For some years — and long before the Gulf of Mexico spill — Big Oil has seemed to be in existential peril. These gargantuans have been starved of new resources and wrong-footed by state-owned oil companies like China’s Sinopec and Malaysia’s Petronas, which are also competing around the world for drilling rights. At stake has ...
For some years -- and long before the Gulf of Mexico spill -- Big Oil has seemed to be in existential peril. These gargantuans have been starved of new resources and wrong-footed by state-owned oil companies like China's Sinopec and Malaysia's Petronas, which are also competing around the world for drilling rights. At stake has been not only Big Oil's good health -- after all, how many people really care whether Chevron or Shell thrive, apart from their shareholders? -- but also the power of nations. It's part of the narrative of the rise of the East, and the decline of the West.
For some years — and long before the Gulf of Mexico spill — Big Oil has seemed to be in existential peril. These gargantuans have been starved of new resources and wrong-footed by state-owned oil companies like China’s Sinopec and Malaysia’s Petronas, which are also competing around the world for drilling rights. At stake has been not only Big Oil’s good health — after all, how many people really care whether Chevron or Shell thrive, apart from their shareholders? — but also the power of nations. It’s part of the narrative of the rise of the East, and the decline of the West.
Which brings us to the brouhaha that’s descended upon Washington this week, and a Gulf of Mexico oilfield called Blackbeard.
Two days ago, a Florida congressman named Cliff Stearns made a seemingly throwaway reference to the well in a congressional hearing. But the remark was more important than it seemed: It was a window into how the rest of the West’s oil giants hope to transcend BP’s unprecedented catastrophe, and hold off their own descent.
In a cover story for BusinessWeek last year, I recounted the story of Blackbeard: In 2005, Exxon Mobil set out to drill the reservoir 28 miles off the Louisiana coast, which required what was at the time the world’s deepest well, some 32,000 feet below the seabed. Estimates were that the field might hold more than 1 billion barrels of oil, which, if accurate, would make Blackbeard a supergiant — or an "elephant," in industry argot. In addition, a successful well would prove out an entire new oil frontier in this part of the Gulf. That generated much excitement as the oil industry watched Exxon’s progress.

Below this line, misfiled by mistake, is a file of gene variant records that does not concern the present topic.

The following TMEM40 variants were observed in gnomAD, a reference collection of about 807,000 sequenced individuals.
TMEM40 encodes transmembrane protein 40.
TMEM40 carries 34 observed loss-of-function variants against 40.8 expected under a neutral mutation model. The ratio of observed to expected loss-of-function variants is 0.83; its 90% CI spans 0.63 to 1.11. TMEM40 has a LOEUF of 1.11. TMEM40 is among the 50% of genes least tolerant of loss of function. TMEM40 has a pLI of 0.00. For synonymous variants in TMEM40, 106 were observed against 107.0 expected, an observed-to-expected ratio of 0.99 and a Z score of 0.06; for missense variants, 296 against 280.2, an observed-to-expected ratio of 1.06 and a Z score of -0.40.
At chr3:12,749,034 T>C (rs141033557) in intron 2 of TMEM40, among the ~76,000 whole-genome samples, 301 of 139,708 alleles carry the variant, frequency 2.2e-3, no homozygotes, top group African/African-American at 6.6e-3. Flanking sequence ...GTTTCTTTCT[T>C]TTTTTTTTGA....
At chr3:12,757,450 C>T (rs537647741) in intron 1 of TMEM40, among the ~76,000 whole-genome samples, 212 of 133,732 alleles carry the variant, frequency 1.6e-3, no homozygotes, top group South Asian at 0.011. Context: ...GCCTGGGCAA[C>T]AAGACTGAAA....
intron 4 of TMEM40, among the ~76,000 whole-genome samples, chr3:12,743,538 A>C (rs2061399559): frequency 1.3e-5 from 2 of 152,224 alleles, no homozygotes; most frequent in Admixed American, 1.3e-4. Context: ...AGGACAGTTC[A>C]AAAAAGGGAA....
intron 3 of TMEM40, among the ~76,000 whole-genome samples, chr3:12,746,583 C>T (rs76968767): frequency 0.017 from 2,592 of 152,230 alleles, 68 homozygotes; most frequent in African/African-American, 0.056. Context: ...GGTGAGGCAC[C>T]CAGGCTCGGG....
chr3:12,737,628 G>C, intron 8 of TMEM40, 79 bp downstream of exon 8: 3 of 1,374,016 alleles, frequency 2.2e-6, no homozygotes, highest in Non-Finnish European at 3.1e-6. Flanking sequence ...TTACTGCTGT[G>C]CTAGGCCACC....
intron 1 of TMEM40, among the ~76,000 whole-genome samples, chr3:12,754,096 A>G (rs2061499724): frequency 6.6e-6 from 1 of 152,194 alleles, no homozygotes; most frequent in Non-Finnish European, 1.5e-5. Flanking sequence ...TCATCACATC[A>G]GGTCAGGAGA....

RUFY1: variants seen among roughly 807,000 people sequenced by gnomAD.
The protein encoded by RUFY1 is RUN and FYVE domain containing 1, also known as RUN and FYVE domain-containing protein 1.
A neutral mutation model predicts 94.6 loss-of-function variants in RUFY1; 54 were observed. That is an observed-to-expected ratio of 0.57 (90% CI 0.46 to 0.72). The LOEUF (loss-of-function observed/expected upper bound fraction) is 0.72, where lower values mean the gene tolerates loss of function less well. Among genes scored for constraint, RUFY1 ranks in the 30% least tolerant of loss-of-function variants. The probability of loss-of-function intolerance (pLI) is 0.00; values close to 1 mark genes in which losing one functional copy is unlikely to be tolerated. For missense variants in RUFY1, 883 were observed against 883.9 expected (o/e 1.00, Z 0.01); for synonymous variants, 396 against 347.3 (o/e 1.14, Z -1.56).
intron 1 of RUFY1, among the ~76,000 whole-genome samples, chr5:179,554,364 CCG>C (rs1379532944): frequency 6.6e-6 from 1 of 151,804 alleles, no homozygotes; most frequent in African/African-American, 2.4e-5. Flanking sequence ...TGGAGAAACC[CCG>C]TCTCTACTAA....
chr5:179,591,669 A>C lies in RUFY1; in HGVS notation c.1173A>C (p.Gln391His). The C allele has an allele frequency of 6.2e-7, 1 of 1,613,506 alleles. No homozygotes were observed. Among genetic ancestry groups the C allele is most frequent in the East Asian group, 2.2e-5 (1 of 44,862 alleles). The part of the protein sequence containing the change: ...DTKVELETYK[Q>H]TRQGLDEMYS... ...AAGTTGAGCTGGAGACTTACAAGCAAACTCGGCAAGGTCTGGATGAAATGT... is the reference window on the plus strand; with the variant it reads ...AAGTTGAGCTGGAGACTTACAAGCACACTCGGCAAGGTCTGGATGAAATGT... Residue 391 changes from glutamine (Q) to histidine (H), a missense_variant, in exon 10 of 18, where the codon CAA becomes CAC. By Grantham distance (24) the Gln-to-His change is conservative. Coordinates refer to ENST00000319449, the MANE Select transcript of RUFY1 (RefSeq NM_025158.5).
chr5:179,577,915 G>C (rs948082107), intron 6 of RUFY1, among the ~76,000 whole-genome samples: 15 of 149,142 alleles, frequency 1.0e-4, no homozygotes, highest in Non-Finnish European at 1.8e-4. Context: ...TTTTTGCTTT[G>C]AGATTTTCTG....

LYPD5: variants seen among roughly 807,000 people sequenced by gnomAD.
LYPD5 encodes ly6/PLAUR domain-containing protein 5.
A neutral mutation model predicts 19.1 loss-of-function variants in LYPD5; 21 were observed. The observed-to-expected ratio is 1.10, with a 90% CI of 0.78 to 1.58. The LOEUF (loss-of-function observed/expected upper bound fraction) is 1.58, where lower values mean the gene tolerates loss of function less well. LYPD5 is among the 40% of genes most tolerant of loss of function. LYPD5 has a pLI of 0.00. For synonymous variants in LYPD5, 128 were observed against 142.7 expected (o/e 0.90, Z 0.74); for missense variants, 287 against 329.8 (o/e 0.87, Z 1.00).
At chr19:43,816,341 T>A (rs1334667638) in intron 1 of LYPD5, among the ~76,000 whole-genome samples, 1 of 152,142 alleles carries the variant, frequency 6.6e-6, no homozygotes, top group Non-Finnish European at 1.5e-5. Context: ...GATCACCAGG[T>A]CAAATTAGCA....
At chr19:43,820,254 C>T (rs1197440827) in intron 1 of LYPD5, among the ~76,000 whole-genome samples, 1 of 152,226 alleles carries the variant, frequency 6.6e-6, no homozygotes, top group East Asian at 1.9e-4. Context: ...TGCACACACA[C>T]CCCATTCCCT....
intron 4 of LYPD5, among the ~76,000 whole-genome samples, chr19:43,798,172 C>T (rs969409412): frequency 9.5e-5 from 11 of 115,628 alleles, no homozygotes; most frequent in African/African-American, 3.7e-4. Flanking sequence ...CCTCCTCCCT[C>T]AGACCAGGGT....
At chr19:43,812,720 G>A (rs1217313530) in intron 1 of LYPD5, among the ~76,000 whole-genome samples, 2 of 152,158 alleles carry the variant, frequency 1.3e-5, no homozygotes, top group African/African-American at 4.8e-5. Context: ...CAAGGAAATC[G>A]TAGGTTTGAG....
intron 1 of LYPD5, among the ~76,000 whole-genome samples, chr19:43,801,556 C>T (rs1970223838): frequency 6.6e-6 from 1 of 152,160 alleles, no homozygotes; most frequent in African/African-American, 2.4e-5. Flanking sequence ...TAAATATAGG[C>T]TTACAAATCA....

But what really got the industry talking was 18 months later when, after the company had spent an estimated $180 million drilling to just 2,000 feet from the target depth, Exxon halted the operation and walked away. Insiders told me that rig hands reported a natural gas "kick" that shook the platform, and spooked company management.
That was the first act of the drama. The second act came a year and a half later when a wildcatter named Jim Bob Moffett, co-chairman of the small Louisiana-based company McMoRan Exploration, walked in with his own crew. Moffett said Exxon had misread the situation, and proceeded to drill straight through to target depth. When he was done, he crowed that he had found at least half a billion and perhaps several billion barrels of oil. I quoted one oil analyst who said that Exxon simply "didn’t have the guts" to complete the well.
In Tuesday’s congressional hearings, Exxon CEO Rex Tillerson, sitting next to his contemporaries at Shell, Chevron and ConocoPhillips, threw BP to the wolves. Tillerson spoke for Exxon, but also effectively for the others, when he said his company "would not have drilled the well the way [BP] did."
The reason for this club expulsion is that BP has jeopardized the only remaining advantage enjoyed by Big Oil as it competes against state-owned oil companies for scarce oil resources: its supposed technological superiority. If Big Oil is robbed of that ace, it has no cards to speak of. Though the super-majors would retain plenty of oil and natural gas assets on their balance sheets, they would be challenged to replenish the reserves they produce every year, and thus would rapidly wither away.
Exxon’s decision at Blackbeard adds meat to Big Oil’s attempt to hold onto this high ground — it projects the notion that the super-majors are the responsible operators on the oil patch.
In the BusinessWeek story, I quoted Thomas Hamilton, a former executive of both BP and Exxon, and an original investor in the Blackbeard project who was critical of Exxon’s performance. Today, I e-mailed Hamilton, and he agreed that Exxon’s caution looks better in hindsight. He said:
It is their huge balance sheet that allows them to operate as risk-free as anyone in the industry. If you don’t have such a strong balance sheet, you are forced to take on more risk to compete.
Not that Wall Street appears to notice. BP’s share price surged in early trading today on the back of his handshake deal with President Barack Obama yesterday, which suggested that Washington would not seek to wipe out the company, as some had feared. Yet BP is far from out of the wilderness, and remains in danger of being broken up after the spill is repaired (everyone hopes) in August.
But Exxon, too, is faring poorly in this regard. Even though it has the smallest Gulf of Mexico operation among the super-majors, its share price has plunged along with BP’s since the April 20 spill. It is trading near its 52-week low.
Since Exxon doesn’t grow and pays miserly dividends, I still wonder why anyone would invest in the company. But that is a subject for another day.
For now, look for Blackbeard to emerge as a well-worn talking point as Big Oil defends its right to survive.
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